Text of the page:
Large areas of New York are without police protection following a strike by police patrolmen seeking higher wages--despite a union plea and a court rule that they return to work.
GTV Police hold back demonstrators
SV Demonstrators fight with police
SV Demonstrator led away by police.
CU Policeman being interviewed SOF STARTS: "Sanitation went.." SOF ENDS: "..wrong with that."
CU Another policeman speaks: SOF STARTS: "This job...." SOF ENDS: "..the community."
SV PAN Policeman sitting in room VOICE OVER "We have... to"...
CU Another policeman speaks: SOF STARTS: "We're in......" SOF ENDS: "..done for us."
SV Patrolmen demonstrating in Broadway out side Union office.
SV Other policemen in uniform guard City Hall across street.
TRANSCRIPTS: (SEQ. 4) "Sanitation went on strike. They came up to our salary. Subways went on strike. They went up. The police, the only ones that obey the laws and fulfil their duties all this time, are the ones who are being punished and now are down at a lower rate rather than the other departments. there's something wrong with that."
(SEQ. 5) "This job action is to alert the citizens to the fact that we are giving to the people in the community the highest thing we have to offer them--and that's our lives. All we ask in return is a fair exchange for what we want to give to the community."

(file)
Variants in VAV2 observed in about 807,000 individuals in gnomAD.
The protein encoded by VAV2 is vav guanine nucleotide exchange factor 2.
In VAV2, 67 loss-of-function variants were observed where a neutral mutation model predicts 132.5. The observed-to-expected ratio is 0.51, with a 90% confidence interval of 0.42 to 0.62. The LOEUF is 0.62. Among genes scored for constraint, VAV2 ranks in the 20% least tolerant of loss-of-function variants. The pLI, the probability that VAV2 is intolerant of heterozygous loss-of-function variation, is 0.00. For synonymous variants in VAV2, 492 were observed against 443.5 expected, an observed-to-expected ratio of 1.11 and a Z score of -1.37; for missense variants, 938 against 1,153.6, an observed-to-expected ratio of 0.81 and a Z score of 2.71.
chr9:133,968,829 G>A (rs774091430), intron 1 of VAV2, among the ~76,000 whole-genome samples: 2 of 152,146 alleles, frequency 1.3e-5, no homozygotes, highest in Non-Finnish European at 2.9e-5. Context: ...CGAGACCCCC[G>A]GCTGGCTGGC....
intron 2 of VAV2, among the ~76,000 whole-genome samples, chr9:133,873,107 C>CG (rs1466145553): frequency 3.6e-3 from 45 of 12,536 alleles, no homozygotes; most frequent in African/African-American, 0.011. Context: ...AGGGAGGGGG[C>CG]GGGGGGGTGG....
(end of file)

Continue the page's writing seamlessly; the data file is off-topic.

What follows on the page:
(SEQ. 6) "We have two platoons here. Every man here wants to be in the street, and should be in the street. But because we have a right, and we're fighting for our rights, that's why we're here. We have over thirty men sitting right here right now that should be out on the street. But the city has turned their backs on us. We're not turning our backs on the people in the community--we're trying to alert them to what's happening here."
(SEQ. 7) "We're in desperate need. I have children. I'm not alone. Something must be done for us."
Initials WLW/AS/BB/2047 WLW/AS/BB/2104
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Background: Large areas of New York are without police protection following a strike by police patrolmen seeking higher wages--despite a union plea and a court rule that they return to work.
The expected crime wave has not yet, however, materialised--although large-scale traffic jams have almost seized up the city centre.
The dispute is the first major stoppage by a metropolitan police force since 1919. Between 60 and 75 per cent of the City's 32,000 uniformed policemen have refused to turn out for work. The strike was precipitated on Friday (15 Jan.) by a court postponing indefinitely an expected pay rise. At the same time, police strikers are demanding the removal of their union chief, Edward Kiernan, who has appealed to them to return to their beats. Meanwhile, essential work is being attempted by detectives, senior officers and instructors.
While traffic jams become progressively heavier and threaten to disrupt the city, shopkeepers are boarding up their windows at night with heavy iron grills. New York's Mayor, John Lindsay, and Police Commissioner Patrick Murphy have assured the public that the situation is under control--but both men warned this could not last indefinitely. If law and order broke down, the City would probably have to ask for troops to move in. One fear is that Thursday's (14 Jan.) demonstration by telephone workers, which had to be controlled by police, will be repeated.
The court rule ordering the men to return was made yesterday when supreme court justice Samele Gold issued a temporary injunction against the police and their union. This so far, has been ignored.